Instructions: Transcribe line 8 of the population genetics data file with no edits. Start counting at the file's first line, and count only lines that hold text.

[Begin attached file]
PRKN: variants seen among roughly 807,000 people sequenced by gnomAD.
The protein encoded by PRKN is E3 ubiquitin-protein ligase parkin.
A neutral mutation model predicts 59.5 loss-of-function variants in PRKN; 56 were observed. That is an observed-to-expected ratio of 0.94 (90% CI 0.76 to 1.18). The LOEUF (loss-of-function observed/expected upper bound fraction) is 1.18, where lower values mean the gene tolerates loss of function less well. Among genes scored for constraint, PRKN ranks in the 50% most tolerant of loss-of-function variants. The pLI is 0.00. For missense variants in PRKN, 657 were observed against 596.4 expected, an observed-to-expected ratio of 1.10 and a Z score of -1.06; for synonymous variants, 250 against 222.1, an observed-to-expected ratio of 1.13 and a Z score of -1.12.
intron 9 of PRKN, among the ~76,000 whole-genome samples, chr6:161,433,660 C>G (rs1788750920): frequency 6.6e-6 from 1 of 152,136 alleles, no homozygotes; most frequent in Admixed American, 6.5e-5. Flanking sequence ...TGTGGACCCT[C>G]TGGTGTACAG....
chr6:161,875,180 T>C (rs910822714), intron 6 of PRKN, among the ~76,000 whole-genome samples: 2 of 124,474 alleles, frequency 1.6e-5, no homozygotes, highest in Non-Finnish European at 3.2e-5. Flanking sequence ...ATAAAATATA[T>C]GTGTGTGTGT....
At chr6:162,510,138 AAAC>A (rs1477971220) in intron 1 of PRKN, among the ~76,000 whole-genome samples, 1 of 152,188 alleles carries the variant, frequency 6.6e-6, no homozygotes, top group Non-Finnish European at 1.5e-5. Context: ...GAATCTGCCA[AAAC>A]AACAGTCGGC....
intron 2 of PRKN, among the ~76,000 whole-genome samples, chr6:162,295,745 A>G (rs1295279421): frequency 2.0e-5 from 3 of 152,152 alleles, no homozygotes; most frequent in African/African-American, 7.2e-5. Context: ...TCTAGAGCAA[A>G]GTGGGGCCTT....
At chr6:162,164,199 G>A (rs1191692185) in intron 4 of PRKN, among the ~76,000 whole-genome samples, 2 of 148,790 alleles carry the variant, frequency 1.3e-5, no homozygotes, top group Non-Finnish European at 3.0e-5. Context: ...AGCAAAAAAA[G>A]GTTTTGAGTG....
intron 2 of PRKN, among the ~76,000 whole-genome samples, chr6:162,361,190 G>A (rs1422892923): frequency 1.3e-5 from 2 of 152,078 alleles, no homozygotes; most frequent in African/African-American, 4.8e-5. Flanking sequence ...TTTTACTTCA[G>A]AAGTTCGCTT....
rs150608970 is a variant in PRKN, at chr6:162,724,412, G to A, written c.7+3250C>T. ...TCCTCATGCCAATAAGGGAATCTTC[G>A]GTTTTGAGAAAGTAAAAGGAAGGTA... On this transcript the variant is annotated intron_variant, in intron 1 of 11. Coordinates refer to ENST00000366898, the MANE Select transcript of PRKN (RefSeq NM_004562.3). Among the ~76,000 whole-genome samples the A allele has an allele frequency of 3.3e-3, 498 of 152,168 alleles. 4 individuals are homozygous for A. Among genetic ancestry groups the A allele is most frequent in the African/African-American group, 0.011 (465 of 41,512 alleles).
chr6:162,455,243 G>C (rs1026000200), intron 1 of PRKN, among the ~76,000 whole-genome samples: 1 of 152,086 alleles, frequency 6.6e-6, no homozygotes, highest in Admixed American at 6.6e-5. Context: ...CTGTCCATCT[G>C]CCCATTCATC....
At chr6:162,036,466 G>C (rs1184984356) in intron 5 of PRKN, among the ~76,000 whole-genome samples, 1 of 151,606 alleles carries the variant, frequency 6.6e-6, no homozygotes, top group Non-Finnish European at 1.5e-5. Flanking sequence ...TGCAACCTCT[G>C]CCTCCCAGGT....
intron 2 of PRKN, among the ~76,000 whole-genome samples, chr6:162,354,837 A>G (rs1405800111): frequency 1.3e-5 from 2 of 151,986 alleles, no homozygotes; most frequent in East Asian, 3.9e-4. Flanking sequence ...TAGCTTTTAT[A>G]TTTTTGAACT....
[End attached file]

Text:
At chr6:162,164,199 G>A (rs1191692185) in intron 4 of PRKN, among the ~76,000 whole-genome samples, 2 of 148,790 alleles carry the variant, frequency 1.3e-5, no homozygotes, top group Non-Finnish European at 3.0e-5. Context: ...AGCAAAAAAA[G>A]GTTTTGAGTG....